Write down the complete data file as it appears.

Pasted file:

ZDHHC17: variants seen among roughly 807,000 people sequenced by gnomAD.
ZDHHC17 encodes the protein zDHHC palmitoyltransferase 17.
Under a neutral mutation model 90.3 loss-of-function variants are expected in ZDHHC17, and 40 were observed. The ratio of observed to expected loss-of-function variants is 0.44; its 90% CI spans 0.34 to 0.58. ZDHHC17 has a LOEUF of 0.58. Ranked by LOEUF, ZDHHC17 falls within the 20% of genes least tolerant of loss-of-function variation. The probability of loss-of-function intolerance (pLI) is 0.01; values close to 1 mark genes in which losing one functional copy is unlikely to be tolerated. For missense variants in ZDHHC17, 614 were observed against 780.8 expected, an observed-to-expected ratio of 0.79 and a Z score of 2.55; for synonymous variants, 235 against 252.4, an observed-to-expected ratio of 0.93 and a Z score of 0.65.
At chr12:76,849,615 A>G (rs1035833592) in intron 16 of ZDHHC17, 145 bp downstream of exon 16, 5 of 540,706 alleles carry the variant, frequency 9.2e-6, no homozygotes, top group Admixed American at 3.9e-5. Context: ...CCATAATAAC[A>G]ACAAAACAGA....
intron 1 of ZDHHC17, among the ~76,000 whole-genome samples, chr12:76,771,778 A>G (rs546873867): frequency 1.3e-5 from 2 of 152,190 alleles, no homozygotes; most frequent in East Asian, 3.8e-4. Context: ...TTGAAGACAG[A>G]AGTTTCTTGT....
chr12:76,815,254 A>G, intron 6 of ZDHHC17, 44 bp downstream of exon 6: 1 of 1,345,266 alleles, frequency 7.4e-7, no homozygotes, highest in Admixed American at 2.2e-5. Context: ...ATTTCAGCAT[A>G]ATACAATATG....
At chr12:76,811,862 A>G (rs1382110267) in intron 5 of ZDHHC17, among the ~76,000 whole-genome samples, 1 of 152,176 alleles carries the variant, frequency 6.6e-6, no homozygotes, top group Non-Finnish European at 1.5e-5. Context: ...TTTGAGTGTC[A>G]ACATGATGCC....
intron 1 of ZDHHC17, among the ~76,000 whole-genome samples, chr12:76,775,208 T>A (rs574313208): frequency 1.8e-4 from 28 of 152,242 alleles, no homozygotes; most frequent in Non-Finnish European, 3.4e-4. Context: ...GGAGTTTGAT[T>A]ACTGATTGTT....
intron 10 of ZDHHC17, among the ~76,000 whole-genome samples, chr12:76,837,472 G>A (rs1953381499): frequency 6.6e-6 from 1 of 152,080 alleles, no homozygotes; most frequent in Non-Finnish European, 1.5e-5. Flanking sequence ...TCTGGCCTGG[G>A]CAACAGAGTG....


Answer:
ZDHHC17: variants seen among roughly 807,000 people sequenced by gnomAD.
ZDHHC17 encodes the protein zDHHC palmitoyltransferase 17.
Under a neutral mutation model 90.3 loss-of-function variants are expected in ZDHHC17, and 40 were observed. The ratio of observed to expected loss-of-function variants is 0.44; its 90% CI spans 0.34 to 0.58. ZDHHC17 has a LOEUF of 0.58. Ranked by LOEUF, ZDHHC17 falls within the 20% of genes least tolerant of loss-of-function variation. The probability of loss-of-function intolerance (pLI) is 0.01; values close to 1 mark genes in which losing one functional copy is unlikely to be tolerated. For missense variants in ZDHHC17, 614 were observed against 780.8 expected, an observed-to-expected ratio of 0.79 and a Z score of 2.55; for synonymous variants, 235 against 252.4, an observed-to-expected ratio of 0.93 and a Z score of 0.65.
At chr12:76,849,615 A>G (rs1035833592) in intron 16 of ZDHHC17, 145 bp downstream of exon 16, 5 of 540,706 alleles carry the variant, frequency 9.2e-6, no homozygotes, top group Admixed American at 3.9e-5. Context: ...CCATAATAAC[A>G]ACAAAACAGA....
intron 1 of ZDHHC17, among the ~76,000 whole-genome samples, chr12:76,771,778 A>G (rs546873867): frequency 1.3e-5 from 2 of 152,190 alleles, no homozygotes; most frequent in East Asian, 3.8e-4. Context: ...TTGAAGACAG[A>G]AGTTTCTTGT....
chr12:76,815,254 A>G, intron 6 of ZDHHC17, 44 bp downstream of exon 6: 1 of 1,345,266 alleles, frequency 7.4e-7, no homozygotes, highest in Admixed American at 2.2e-5. Context: ...ATTTCAGCAT[A>G]ATACAATATG....
At chr12:76,811,862 A>G (rs1382110267) in intron 5 of ZDHHC17, among the ~76,000 whole-genome samples, 1 of 152,176 alleles carries the variant, frequency 6.6e-6, no homozygotes, top group Non-Finnish European at 1.5e-5. Context: ...TTTGAGTGTC[A>G]ACATGATGCC....
intron 1 of ZDHHC17, among the ~76,000 whole-genome samples, chr12:76,775,208 T>A (rs574313208): frequency 1.8e-4 from 28 of 152,242 alleles, no homozygotes; most frequent in Non-Finnish European, 3.4e-4. Context: ...GGAGTTTGAT[T>A]ACTGATTGTT....
intron 10 of ZDHHC17, among the ~76,000 whole-genome samples, chr12:76,837,472 G>A (rs1953381499): frequency 6.6e-6 from 1 of 152,080 alleles, no homozygotes; most frequent in Non-Finnish European, 1.5e-5. Flanking sequence ...TCTGGCCTGG[G>A]CAACAGAGTG....